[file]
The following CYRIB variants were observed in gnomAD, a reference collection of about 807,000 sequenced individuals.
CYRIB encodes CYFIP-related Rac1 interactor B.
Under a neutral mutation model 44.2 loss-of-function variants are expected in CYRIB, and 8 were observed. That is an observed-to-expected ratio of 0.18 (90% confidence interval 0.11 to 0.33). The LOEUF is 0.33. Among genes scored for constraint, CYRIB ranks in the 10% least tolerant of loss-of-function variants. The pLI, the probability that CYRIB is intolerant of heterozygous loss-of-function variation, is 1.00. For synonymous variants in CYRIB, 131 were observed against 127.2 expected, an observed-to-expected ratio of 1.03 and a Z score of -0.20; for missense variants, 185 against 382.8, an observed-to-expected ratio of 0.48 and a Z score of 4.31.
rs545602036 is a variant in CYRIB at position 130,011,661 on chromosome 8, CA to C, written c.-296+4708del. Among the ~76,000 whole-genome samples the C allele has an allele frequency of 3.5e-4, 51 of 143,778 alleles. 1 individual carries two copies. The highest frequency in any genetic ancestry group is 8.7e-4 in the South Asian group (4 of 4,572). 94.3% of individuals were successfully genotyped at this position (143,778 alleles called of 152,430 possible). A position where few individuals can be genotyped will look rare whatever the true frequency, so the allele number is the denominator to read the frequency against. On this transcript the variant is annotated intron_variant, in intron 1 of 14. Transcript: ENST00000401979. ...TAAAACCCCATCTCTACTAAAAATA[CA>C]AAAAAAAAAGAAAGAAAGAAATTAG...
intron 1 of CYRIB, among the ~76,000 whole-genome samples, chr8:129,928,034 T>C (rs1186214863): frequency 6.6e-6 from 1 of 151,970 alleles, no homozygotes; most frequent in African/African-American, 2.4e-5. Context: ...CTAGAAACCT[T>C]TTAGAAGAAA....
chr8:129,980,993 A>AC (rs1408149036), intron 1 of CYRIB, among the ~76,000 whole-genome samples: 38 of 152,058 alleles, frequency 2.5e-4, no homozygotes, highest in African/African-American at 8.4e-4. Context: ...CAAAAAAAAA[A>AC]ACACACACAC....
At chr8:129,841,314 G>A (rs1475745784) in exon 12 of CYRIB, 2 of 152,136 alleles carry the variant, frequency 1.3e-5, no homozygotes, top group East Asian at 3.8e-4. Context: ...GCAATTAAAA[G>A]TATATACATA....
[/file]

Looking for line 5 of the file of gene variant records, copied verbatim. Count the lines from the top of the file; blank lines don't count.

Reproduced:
intron 1 of CYRIB, among the ~76,000 whole-genome samples, chr8:129,928,034 T>C (rs1186214863): frequency 6.6e-6 from 1 of 151,970 alleles, no homozygotes; most frequent in African/African-American, 2.4e-5. Context: ...CTAGAAACCT[T>C]TTAGAAGAAA....